“I think that one of the most challenging parts of being a lone bat sherut is that they tend to feel [ungrounded]. They don’t have a permanent home with loved ones to rely on. I feel like we at the base succeed when we make these girls feel – as much as possible – that they are not alone. It is most gratifying when the girls feel comfortable sharing and opening up to us. I know that they feel more at home and that not everything is on their shoulders,” she shared.
Zeev builds personal connections with the young women, doing home visits and visiting them at their work assignments. 
“These girls don’t have anyone else to check in on them,” Noach reported.
While the base’s staff is committed to serving lone National Service volunteers, they are also very careful to coordinate their support with Israel’s official National Service organizations. 
“We stay in touch with [the official coordinators],” Noach commented. “As much as possible work together on behalf of the lone bnot sherut. We sit with them together. When they want to have a seminar with the girls, they use the base as a place to meet. We don’t want to replicate services or step on anyone’s toes. We always ask, ‘How can we help?’ We want to make it a collaboration.”
By definition, parents of lone National Service volunteers live outside of Israel and they also turn to the base for support. 
“They hear their kids grumbling but they don’t know where to turn for help figuring out if it’s a real problem or not,” Noach said. 
In November, the base started hosting webinars for the parents of lone National Service volunteers.
How does National Service differ from being a lone soldier?
According to Noach, since lone National Service volunteers aren’t assigned to a military base like lone soldiers, they go to their apartments every night. Perhaps they don’t get along with the people they live with. They might be lonely or starved for social interaction, especially when all normal avenues of socialization are closed.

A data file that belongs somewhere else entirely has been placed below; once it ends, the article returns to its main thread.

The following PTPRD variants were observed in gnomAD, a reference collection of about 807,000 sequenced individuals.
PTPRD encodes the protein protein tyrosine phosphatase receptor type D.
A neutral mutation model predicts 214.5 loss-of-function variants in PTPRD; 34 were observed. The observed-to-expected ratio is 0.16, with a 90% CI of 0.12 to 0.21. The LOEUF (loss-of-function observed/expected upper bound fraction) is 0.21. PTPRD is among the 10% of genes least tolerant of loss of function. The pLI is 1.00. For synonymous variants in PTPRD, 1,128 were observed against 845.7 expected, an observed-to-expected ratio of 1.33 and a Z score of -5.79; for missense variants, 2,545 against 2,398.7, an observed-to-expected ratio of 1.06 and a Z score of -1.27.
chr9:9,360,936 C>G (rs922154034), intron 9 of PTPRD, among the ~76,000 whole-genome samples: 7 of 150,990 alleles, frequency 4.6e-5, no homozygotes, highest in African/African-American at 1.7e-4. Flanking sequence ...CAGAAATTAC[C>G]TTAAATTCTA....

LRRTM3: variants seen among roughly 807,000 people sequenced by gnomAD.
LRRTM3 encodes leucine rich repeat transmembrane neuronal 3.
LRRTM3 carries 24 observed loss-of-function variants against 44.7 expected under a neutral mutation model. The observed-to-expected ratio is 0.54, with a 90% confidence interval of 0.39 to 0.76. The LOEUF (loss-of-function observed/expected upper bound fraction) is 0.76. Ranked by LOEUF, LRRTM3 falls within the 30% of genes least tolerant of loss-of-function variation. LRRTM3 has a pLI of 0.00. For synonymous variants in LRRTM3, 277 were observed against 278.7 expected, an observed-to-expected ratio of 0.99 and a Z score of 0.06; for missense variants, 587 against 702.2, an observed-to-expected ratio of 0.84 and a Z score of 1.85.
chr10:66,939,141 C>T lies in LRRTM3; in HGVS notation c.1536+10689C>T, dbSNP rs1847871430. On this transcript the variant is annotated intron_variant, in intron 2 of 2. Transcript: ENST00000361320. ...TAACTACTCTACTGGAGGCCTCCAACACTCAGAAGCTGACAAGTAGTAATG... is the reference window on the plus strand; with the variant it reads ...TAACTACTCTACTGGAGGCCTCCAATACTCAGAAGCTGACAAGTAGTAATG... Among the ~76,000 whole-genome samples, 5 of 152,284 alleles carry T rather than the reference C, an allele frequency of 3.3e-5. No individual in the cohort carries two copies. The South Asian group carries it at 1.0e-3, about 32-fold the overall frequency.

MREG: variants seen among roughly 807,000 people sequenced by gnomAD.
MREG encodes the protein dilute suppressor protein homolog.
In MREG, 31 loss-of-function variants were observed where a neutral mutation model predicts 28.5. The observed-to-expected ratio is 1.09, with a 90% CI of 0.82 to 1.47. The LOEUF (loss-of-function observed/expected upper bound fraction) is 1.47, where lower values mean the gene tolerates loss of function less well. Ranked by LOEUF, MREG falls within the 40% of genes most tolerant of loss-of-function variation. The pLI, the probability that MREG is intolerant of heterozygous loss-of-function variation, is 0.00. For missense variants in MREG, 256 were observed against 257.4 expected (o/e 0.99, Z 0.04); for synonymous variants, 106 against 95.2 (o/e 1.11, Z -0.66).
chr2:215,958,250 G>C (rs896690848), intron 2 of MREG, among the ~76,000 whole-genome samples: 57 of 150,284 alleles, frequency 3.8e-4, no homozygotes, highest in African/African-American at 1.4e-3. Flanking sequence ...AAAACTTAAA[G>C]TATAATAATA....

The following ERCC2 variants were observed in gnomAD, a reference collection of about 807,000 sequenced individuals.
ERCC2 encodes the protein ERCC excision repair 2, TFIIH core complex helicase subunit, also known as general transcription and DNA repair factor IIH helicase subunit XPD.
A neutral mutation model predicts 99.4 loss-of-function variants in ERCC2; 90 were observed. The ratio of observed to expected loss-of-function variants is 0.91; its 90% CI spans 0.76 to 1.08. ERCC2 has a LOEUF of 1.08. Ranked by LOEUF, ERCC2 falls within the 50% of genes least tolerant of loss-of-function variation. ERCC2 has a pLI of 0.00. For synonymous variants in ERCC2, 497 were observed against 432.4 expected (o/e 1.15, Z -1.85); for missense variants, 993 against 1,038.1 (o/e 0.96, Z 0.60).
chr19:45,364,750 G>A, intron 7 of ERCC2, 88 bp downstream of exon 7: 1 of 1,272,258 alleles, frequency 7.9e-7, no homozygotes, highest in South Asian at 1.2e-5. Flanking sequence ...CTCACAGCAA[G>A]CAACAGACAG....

“Lone soldiers get much more support,” she said. “Lone soldiers have the opportunity to have an adoptive family. People don’t know about the option to adopt a lone bat sherut. 
“That’s why the [lone National Service volunteers] are so appreciative when we do events that include them. At The Michael Levine Base, they feel 100% that this is a place for them.” 
Additionally, non-Hebrew-speaking lone soldiers are sent to Machva Alon, an IDF ulpan, before they are assigned to a unit. Lone National Service volunteers don’t have that option. Even if they have a working knowledge of Hebrew before they come, they still have to refine their Hebrew on the job. 
What more can be done?
“The community of lone bnot sherut numbers approximately 280 girls and counting, but sensitivity in the broader Israeli society is still lacking,” Zeev commented. “My wish is that awareness would rise and people would realize that there might be a lone bat sherut in their immediate surrounding – serving in hospitals, kindergartens, different public offices and more – and hopefully be more apt to notice and appreciate them, inviting them over for a Shabbat meal or just being kind, patient and welcoming.”
Noach feels that The Michael Levine Base can help by pushing for a discussion in the Knesset about the rights of lone National Service volunteers. If they got paid as much as lone soldiers and if their living conditions could be improved, many of the problems the base deals with on a daily basis would not exist. As an example, Noach cited the very straightforward example of a washing machine that breaks down because it’s being used constantly by 26 young women who all live in one apartment. 
“There has to be a forum to discuss these issues,” Noach explained. 
The base is funded through a combination of a grant from the Michael Levin Lone Soldier Foundation and private fundraising. They are currently running a Chinese auction with shopping, food and personal services prize packages donated by supporters.
“We just celebrated our first-year anniversary. If we weren’t needed as an organization, we wouldn’t have survived during corona. The fact that we survived shows we’re meeting a real need,” Noach concluded.